John Pizzarelli is a seasoned guitarist, pop singer, and debonair entertainer whose greatest talent is communicating the jazz idiom to music listeners who otherwise are indifferent to the form. On stage in August at Birdland in New York to celebrate the release of Midnight McCartney, his relentless enthusiasm as a bandleader smoothed the way for a sweetly nostalgic appreciation for lesser-known tunes by Paul McCartney. Along the way, his relaxed stage banter left the audience laughing and feeling great.
Jamison is the debut of a significant talent. Winner of the 2012 Thelonious Monk Jazz Competition, the singularly entertaining Jamison Ross is a drummer of enormous presence and an irrepressible bandleader, judging from his album release show I attended at Dizzy’s Club Coca Cola in June.
James Horner: Pas de Deux Disillusionment with atonal contemporary music then being written drove the young James Horner to film scoring. In November 2014, after years of movie successes, the 61-year-old film composer (Titanic, Avatar, The Amazing Spider-Man) returned to the concert hall with a triumph, his Double Concerto for violin and cello. The work was premiered by its dedicatees, the Norwegian Samuelsen siblings Mari and Hakon.
Listening to Joanna Pascale sing is like getting a big hug. Her voice is warm, wise and easy to love. The Philly native has put out fine solo albums previously, but nothing like Wildflower, a deeply felt record that freely mixes pop tunes, blues, and outlier standards.
A fast-rising modernist, trumpeter John Raymond assembles a solid team of musicians for his sophomore release Foreign Territory. Anchored by the resolute Billy Hart on the drums, bassist Joe Martin, and the gifted pianist Dan Tepfer, Raymond delivers a masterful set of multi-textured songs; they swing obliquely and pull you in with disarming ease.
Pianist Harold Mabern is a two-fisted swinger, a legendary presence on the many great Blue Note dates of the ’60s, who continues to add a distinctive groove to his many solo projects. He’s partial to playing blocks of chords hard and quick, as if he needs to get somewhere fast. His melodic ideas seem to dance from his fingertips. It’s his signature technique combined with a sound that’s shot through with honey-dripping soul, as sweet and graceful as can be.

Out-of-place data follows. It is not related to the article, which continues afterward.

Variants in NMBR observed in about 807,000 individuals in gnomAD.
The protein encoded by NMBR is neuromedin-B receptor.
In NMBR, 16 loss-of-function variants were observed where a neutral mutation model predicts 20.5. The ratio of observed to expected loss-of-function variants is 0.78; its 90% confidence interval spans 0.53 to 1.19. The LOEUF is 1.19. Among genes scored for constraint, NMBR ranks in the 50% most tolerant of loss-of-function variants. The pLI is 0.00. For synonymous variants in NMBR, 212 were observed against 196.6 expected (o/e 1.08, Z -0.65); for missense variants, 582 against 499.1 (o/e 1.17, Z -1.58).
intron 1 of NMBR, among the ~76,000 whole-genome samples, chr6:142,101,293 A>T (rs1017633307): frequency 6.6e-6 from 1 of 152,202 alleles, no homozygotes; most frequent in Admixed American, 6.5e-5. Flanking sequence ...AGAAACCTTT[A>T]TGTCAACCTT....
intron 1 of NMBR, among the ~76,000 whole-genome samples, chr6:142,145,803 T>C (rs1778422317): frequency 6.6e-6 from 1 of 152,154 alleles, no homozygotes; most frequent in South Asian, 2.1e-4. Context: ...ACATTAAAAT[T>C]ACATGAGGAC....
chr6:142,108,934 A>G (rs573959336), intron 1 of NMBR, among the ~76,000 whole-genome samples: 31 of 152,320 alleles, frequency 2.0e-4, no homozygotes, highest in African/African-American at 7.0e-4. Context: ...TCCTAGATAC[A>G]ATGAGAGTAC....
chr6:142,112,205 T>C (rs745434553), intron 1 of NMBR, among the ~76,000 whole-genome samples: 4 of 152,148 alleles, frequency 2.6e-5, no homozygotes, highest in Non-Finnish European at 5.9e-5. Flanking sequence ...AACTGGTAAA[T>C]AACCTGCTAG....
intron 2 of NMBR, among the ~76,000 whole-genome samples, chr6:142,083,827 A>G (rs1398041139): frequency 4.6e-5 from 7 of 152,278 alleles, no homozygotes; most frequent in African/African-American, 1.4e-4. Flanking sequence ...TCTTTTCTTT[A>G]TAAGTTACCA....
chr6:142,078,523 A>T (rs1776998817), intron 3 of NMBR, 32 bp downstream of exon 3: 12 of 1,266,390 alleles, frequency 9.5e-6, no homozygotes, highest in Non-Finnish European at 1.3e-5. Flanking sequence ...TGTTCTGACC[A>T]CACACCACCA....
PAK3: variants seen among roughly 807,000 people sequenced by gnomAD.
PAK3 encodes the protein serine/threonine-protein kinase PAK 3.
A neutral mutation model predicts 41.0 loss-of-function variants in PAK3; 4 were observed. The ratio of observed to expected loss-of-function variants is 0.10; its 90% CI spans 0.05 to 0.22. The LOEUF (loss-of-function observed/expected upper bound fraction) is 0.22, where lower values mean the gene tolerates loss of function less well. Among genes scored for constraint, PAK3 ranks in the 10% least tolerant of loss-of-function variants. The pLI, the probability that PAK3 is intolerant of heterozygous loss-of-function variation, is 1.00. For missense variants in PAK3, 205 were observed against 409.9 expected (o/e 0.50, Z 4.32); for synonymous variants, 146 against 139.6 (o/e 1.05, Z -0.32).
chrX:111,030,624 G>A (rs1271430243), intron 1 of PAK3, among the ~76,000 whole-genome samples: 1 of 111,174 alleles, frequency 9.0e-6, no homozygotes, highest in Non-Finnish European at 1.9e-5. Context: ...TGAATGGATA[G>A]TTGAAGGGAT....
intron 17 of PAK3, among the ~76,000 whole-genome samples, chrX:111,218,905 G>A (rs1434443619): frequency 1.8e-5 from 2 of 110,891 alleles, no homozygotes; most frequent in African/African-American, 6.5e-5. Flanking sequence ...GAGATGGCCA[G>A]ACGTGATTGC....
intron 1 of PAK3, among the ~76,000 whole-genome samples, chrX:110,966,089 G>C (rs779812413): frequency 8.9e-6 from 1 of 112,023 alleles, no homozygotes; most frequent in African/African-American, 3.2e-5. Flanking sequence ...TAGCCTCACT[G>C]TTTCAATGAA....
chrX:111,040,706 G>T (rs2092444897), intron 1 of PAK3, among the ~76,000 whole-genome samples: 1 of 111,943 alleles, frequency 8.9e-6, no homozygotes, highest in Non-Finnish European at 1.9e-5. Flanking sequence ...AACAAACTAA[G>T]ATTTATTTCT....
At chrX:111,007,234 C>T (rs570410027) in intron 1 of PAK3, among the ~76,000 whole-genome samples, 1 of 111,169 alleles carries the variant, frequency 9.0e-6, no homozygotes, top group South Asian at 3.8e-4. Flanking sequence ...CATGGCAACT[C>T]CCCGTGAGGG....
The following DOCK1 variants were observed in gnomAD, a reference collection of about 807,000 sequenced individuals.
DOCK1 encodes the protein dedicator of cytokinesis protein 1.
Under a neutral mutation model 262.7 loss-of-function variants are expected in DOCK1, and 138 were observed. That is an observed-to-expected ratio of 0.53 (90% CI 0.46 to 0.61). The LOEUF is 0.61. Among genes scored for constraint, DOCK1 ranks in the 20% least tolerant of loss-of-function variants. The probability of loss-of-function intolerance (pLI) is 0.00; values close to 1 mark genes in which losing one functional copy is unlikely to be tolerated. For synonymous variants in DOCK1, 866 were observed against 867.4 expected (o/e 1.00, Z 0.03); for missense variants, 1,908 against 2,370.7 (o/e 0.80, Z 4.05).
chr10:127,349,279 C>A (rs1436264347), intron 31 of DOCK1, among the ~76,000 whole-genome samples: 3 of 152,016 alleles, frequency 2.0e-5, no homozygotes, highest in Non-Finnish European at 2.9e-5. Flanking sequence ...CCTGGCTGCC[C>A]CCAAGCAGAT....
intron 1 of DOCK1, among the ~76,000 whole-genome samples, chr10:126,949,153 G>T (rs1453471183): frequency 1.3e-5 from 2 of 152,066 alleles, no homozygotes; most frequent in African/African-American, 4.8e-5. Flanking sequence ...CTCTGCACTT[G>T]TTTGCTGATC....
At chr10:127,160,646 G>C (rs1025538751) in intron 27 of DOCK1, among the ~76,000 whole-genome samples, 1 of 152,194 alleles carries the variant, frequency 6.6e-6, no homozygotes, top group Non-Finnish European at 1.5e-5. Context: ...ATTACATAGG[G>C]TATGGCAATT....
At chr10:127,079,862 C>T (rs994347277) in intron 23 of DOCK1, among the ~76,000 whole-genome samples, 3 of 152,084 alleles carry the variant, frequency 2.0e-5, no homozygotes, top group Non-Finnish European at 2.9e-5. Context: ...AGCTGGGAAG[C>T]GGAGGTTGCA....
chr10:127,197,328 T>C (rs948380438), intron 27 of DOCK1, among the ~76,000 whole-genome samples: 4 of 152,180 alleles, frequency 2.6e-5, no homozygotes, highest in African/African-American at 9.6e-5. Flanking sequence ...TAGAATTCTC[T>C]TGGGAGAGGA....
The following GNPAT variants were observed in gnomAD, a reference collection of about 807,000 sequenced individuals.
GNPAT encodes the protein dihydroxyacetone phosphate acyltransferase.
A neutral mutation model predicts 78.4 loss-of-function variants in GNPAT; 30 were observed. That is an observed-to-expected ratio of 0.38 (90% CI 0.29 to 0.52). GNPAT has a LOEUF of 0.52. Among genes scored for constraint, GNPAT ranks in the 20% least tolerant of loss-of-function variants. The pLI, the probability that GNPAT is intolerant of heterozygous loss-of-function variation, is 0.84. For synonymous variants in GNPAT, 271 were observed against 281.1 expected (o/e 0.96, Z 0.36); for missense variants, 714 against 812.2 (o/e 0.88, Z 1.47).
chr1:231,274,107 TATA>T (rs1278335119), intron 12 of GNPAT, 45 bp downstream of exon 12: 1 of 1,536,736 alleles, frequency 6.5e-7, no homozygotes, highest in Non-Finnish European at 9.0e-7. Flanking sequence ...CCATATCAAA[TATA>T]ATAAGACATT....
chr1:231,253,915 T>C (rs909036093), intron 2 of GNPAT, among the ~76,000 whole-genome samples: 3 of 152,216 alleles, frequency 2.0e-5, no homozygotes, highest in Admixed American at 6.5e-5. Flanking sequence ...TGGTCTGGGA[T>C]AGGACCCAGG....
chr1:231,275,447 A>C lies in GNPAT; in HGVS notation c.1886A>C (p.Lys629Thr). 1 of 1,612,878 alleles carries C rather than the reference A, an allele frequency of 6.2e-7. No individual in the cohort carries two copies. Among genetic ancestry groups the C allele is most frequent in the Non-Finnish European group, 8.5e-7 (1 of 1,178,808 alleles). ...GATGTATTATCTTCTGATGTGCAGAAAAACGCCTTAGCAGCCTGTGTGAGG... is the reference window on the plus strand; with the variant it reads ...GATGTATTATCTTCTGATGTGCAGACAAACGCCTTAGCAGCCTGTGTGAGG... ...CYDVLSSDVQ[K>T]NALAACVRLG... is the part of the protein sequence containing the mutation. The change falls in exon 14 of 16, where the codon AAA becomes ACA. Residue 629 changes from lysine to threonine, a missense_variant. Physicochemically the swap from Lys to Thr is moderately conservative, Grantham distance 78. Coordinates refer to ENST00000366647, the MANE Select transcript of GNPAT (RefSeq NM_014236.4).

WRTI's Mark Pinto, host of the Classical New Releases show, fills you in on the latest and the greatest classical music CDsevery Saturday at 5 pm.Here are five newly released recordings he recommends:
Sokolov: The Salzburg Recital. Though celebrated for the breadth of his repertoire, epic interpretations, and boundless imagination, Russian-born pianist Grigory Sokolov has become something of a living legend and a well-kept secret in America.
It was easy to see why bassist Ben Williams’s debut CD State of Art made such a splash. It had a deserved buzz around a rising talent, and remains a primer for how to make a modern jazz record.
Since then, besides heavy side-gigging and touring with his band as Ben Williams and Sound Effect (Christian Sands, Marcus Strickland, Matthew Stevens, and John Davis), the 30-year-old had a key role in the Pat Metheny Unity Group. The band played over 150 shows internationally in 2013, which is a lot of experience in a compressed time frame.
So it’s not surprising that his follow-up CD, Coming of Age, is a rush of pleasure from beginning to end.
A taste of the new Ben Williams CD, Coming of Age:
The highly-disciplined Williams, a Juilliard graduate and winner of the 2009 Thelonious Monk International Jazz Bass Competition, weds fresh jazz to pop and R&B on seriously engaging tunes that hum and heave from his nimble bass whether he’s on acoustic or electric. The record is backboned by tracks that electrify (“Strength and Beauty”) and groove (“Half Steppin’”), yet his vocal collaborations with soul singer Goapele (“Voice of Freedom”) and a reprise of a track called “Toy Soldiers” with rap/spoken-word artist W. Ellington Felton satisfy the de rigueur groove revivalism and album’s crossover appeal.
Instrumentals like “Black Villain Music” and the sweet gloss of strings and muted trumpet by guest Christian Scott on “Lost And Found” will satisfy on multiple spins, but it’s the keyed-up guitar solos, funky electric piano, sonorous sax, and wicked beats that give Coming of Age its more-than-just-jazz appeal.
It’s a contagious hang, fueled by virtuosity and vision along with Williams’s canny sense of music-making.
Matthew Weiner, the creator of the hugely popular TV series Mad Men - now in its final season - works very hard at going beneath the surface to capture the look of the 1960s, from company logo typefaces to office equipment tints to the shine in a pair of trousers. Mad Men composer David Carbonara labors just as much on the show's music to express that era; he’s a composer of acutely original pieces.
Is Billie Holiday the ultimate jazz singer? You might think so, listening to this commemorative anthology that draws from Lady Day’s early period. She performs tunes recorded between 1935 and 1945, either fronting pianist Teddy Wilson and His Orchestra or leading her own. These are timeless, defining songs that continue to feed into the myth, magic, and tragedy that is Ms. Holiday.